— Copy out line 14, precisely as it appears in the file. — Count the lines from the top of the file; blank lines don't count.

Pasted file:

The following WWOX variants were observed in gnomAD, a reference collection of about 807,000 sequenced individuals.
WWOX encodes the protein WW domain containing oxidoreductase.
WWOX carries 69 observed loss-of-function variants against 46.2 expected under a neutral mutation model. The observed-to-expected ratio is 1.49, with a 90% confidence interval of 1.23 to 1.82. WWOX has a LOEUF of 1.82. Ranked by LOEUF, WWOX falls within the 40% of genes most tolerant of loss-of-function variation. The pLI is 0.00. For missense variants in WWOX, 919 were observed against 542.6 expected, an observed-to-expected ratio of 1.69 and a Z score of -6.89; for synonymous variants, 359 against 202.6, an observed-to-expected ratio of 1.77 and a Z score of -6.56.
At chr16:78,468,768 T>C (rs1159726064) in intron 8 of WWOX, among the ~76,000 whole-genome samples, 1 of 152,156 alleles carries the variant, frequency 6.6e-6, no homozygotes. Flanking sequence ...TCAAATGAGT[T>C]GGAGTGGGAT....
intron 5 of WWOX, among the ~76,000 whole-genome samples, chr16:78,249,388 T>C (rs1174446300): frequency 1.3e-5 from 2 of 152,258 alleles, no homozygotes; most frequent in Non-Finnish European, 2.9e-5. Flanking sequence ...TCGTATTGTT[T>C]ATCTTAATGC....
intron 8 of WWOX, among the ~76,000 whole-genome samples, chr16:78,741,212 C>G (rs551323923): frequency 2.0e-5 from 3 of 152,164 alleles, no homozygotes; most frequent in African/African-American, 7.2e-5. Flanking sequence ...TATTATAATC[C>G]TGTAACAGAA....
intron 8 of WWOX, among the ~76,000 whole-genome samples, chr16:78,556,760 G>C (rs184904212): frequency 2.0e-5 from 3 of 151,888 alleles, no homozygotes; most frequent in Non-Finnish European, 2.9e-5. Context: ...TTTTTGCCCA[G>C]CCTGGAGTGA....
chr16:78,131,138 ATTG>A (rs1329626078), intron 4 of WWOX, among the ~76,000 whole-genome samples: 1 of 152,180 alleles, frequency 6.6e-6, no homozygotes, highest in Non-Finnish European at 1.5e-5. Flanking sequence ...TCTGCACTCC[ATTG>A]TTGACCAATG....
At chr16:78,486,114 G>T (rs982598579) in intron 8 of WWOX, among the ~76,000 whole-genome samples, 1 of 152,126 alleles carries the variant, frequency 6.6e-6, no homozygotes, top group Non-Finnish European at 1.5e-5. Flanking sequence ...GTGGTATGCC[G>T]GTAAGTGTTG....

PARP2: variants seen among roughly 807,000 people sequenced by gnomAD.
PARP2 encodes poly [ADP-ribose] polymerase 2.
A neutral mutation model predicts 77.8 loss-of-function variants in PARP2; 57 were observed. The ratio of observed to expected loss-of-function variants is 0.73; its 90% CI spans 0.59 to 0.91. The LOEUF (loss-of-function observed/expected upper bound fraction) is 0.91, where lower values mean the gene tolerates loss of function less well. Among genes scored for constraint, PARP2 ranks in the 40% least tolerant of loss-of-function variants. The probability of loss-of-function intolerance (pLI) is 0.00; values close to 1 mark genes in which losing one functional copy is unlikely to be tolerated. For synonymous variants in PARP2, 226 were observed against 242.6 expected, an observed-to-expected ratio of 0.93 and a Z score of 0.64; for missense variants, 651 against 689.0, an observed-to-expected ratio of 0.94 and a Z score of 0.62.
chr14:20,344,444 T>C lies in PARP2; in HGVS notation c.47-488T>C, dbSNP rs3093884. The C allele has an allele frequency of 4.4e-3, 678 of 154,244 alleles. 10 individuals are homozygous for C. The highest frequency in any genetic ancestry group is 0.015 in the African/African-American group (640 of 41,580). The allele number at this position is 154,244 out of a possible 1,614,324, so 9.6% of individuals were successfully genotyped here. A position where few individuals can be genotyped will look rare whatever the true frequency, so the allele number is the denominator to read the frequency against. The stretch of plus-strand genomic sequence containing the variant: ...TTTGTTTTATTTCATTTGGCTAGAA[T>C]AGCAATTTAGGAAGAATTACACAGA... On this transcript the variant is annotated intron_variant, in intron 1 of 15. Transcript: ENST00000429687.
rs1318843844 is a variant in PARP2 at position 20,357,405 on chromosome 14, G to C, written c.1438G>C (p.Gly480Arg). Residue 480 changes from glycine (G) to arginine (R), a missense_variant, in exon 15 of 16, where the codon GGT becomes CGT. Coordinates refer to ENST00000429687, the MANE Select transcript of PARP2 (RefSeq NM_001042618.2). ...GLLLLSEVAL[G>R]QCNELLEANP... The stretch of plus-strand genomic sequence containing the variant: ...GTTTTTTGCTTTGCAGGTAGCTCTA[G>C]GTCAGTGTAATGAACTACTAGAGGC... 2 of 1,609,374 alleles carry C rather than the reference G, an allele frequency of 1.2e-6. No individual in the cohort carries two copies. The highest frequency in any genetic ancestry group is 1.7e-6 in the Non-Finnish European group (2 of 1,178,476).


rs1318843844 is a variant in PARP2 at position 20,357,405 on chromosome 14, G to C, written c.1438G>C (p.Gly480Arg). Residue 480 changes from glycine (G) to arginine (R), a missense_variant, in exon 15 of 16, where the codon GGT becomes CGT. Coordinates refer to ENST00000429687, the MANE Select transcript of PARP2 (RefSeq NM_001042618.2). ...GLLLLSEVAL[G>R]QCNELLEANP... The stretch of plus-strand genomic sequence containing the variant: ...GTTTTTTGCTTTGCAGGTAGCTCTA[G>C]GTCAGTGTAATGAACTACTAGAGGC... 2 of 1,609,374 alleles carry C rather than the reference G, an allele frequency of 1.2e-6. No individual in the cohort carries two copies. The highest frequency in any genetic ancestry group is 1.7e-6 in the Non-Finnish European group (2 of 1,178,476).